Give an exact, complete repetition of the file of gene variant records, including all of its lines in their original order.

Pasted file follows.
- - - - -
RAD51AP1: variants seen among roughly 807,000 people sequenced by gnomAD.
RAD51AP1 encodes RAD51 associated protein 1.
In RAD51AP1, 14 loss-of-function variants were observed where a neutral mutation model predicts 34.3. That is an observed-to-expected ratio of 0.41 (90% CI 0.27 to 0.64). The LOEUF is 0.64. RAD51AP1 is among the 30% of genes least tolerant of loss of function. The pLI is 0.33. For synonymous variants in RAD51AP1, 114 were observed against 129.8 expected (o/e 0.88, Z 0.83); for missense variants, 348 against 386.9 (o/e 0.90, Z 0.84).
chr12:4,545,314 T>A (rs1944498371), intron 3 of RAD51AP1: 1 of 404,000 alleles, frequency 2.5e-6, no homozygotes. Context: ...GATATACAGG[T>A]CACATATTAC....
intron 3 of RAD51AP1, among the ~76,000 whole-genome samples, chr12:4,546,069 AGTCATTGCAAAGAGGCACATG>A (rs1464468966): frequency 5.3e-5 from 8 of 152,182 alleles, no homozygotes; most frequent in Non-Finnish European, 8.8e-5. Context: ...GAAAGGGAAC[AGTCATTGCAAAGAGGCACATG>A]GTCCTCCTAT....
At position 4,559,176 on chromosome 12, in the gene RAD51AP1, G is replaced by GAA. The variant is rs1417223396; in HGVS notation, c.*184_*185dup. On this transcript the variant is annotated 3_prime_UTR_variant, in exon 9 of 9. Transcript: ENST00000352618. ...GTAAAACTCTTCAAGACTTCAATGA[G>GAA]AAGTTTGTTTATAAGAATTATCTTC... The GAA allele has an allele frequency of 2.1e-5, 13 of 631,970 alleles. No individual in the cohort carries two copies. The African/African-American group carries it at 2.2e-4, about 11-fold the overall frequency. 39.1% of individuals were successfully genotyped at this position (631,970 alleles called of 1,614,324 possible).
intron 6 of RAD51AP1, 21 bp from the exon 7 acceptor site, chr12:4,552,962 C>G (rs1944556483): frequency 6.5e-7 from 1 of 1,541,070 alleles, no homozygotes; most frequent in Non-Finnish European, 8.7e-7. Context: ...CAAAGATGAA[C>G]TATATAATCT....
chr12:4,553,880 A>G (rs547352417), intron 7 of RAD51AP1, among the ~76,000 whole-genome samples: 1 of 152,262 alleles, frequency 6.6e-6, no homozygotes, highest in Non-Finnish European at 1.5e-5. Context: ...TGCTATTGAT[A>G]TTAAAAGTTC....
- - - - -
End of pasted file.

RAD51AP1: variants seen among roughly 807,000 people sequenced by gnomAD.
RAD51AP1 encodes RAD51 associated protein 1.
In RAD51AP1, 14 loss-of-function variants were observed where a neutral mutation model predicts 34.3. That is an observed-to-expected ratio of 0.41 (90% CI 0.27 to 0.64). The LOEUF is 0.64. RAD51AP1 is among the 30% of genes least tolerant of loss of function. The pLI is 0.33. For synonymous variants in RAD51AP1, 114 were observed against 129.8 expected (o/e 0.88, Z 0.83); for missense variants, 348 against 386.9 (o/e 0.90, Z 0.84).
chr12:4,545,314 T>A (rs1944498371), intron 3 of RAD51AP1: 1 of 404,000 alleles, frequency 2.5e-6, no homozygotes. Context: ...GATATACAGG[T>A]CACATATTAC....
intron 3 of RAD51AP1, among the ~76,000 whole-genome samples, chr12:4,546,069 AGTCATTGCAAAGAGGCACATG>A (rs1464468966): frequency 5.3e-5 from 8 of 152,182 alleles, no homozygotes; most frequent in Non-Finnish European, 8.8e-5. Context: ...GAAAGGGAAC[AGTCATTGCAAAGAGGCACATG>A]GTCCTCCTAT....
At position 4,559,176 on chromosome 12, in the gene RAD51AP1, G is replaced by GAA. The variant is rs1417223396; in HGVS notation, c.*184_*185dup. On this transcript the variant is annotated 3_prime_UTR_variant, in exon 9 of 9. Transcript: ENST00000352618. ...GTAAAACTCTTCAAGACTTCAATGA[G>GAA]AAGTTTGTTTATAAGAATTATCTTC... The GAA allele has an allele frequency of 2.1e-5, 13 of 631,970 alleles. No individual in the cohort carries two copies. The African/African-American group carries it at 2.2e-4, about 11-fold the overall frequency. 39.1% of individuals were successfully genotyped at this position (631,970 alleles called of 1,614,324 possible).
intron 6 of RAD51AP1, 21 bp from the exon 7 acceptor site, chr12:4,552,962 C>G (rs1944556483): frequency 6.5e-7 from 1 of 1,541,070 alleles, no homozygotes; most frequent in Non-Finnish European, 8.7e-7. Context: ...CAAAGATGAA[C>G]TATATAATCT....
chr12:4,553,880 A>G (rs547352417), intron 7 of RAD51AP1, among the ~76,000 whole-genome samples: 1 of 152,262 alleles, frequency 6.6e-6, no homozygotes, highest in Non-Finnish European at 1.5e-5. Context: ...TGCTATTGAT[A>G]TTAAAAGTTC....